I got to talk to my barber today; it was only him and I and so (I think) Barber was a little more forthcoming with his thoughts.
I started out by asking him how he was doing, to which he jovially and optimistically responded that he woke up this morning with a smile on his face and his mind working, and that’s all for which he could ask. He’s always been that way. It is an endearing affect shared by few, one that I feel when interacting with Habitating Family Friend, one that makes life feel warm (even when ice cream is involved). Then, I asked if he will take any time off in October, like he did last year when he went back “home” to Italy for a couple of weeks. He responded by telling me what I already knew, things that we had already talked about and – I guess – is the stock answer he gives to all his clients (including me in the past): in the old town in which he grew up, in which his family lived until coming to Canada, there was no one. His family in that town had either passed away or moved, so he had nothing there to which he was drawn.
Then, he shared new stuff. He started talking about his wife, who had passed away suddenly a few years ago. Barber, who is in his seventies, spoke about finding purpose in her, in her love. Barber talked about going out with couples and friends just not being the same after she left; how if he found someone else, it would feel like he was cheating on his wife; about his love with her – intertwined – and that she was a part of him forever. It was at this point that I was two seconds away from crying; the only thing that stopped me, the single action that brought me back, was that Barber was smiling. Barber was smiling because while this might appear to be self-imposed loneliness to some, while this might appear to be not finding value in yourself, while this might appear to be flawed, solely finding purpose in another, it is not. Barber was smiling because he was not sad about sharing those years, because it reflected his purpose, which was not his wife. Barber’s purpose was revealed in his wife, it was revealed in his intertwined-ness with her, it was revealed in their love. He was smiling, imperfectly vivid, about his purpose: love.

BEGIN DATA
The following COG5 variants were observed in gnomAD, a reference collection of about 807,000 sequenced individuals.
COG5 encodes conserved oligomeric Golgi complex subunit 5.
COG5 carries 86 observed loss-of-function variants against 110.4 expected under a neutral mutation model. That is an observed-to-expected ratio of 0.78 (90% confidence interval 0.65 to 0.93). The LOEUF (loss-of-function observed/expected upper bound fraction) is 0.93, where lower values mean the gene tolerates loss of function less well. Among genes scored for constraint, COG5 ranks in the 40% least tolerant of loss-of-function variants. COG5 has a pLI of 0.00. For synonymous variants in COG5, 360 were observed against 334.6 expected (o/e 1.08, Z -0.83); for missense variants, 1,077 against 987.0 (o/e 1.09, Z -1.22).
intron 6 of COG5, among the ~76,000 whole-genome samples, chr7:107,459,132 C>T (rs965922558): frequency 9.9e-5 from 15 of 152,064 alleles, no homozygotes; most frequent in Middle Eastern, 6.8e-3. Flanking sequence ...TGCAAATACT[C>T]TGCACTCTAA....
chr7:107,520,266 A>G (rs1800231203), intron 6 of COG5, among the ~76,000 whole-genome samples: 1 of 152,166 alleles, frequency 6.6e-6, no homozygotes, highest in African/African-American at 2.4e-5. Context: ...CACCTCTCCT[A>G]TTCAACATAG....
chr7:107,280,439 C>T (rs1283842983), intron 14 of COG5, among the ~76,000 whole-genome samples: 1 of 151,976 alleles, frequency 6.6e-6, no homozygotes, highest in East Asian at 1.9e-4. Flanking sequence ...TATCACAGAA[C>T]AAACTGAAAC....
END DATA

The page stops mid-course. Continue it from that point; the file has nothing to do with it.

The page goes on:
In keeping with that and yesterday’s post, my purpose is ever-more clear: helping others, being that support for others, finding value in others. This does not mean engaging in my purpose in a flawed way, with the blackness driving me into martyrdom, into mental illness, into it screaming in my ear, into vulnerability to its toxic charms. This means ensuring I am strong enough, wise enough, loving enough, courageous enough, respectful enough to best live my purpose.
This purpose might be imperfect, but it certainly is not flawed. It might make me tired, but it does not exhaust me. When flawed, I have tears in my eyes and blackened poison in my veins. When imperfect, I have a smile on my face. When imperfect, I find value in others, in helping others. When imperfect, I am able to best live my purpose. How does this translate into life? I would never think about doing a 70.3 Ironman Triathlon; when imperfect, I would do it to support a friend. I would never think about doing a 10K on three days notice, just having done a long, draining run today; when imperfect, I would do it to support the good and not-so-publicized cause of Alzheimer’s. I would never think about taking on two jobs at once, working 30 days out of 29; when imperfect, I do it to support my Mom. I would never have thought I could forgive infidelity, something I was sure would rip me apart, stripping me of every trustful part of me; when imperfect, we recovery, we take it one day at a time, we focus on love. How does being imperfect and best living my purpose translate into life? When imperfect, I am vivid.
Barber is going to play the accordion at a local retirement residence tomorrow, finding purpose in providing music and happiness to those less fortunate. This Intentional Act of Niceness will not give him pause, will not make him think, because it is him, it is the truest version of him to be loving and demonstrate care. Even after his wife, he continues to find purpose and imperfect vividness in love.
If I find purpose in love, in helping others, in (potentially) being the new dawn/Don of Tz’u, I know that cannot be a bad thing (and not only because barbers are those Fool-like Shakespearean characters that never lie, that enter onto the stage to reveal the truth, the meanings behind it all). I know that because engaging in that purpose, imperfect as it is, is about being vivid.
Now, I just need to figure out how to best be vivid, so that I can find truthful purpose in love.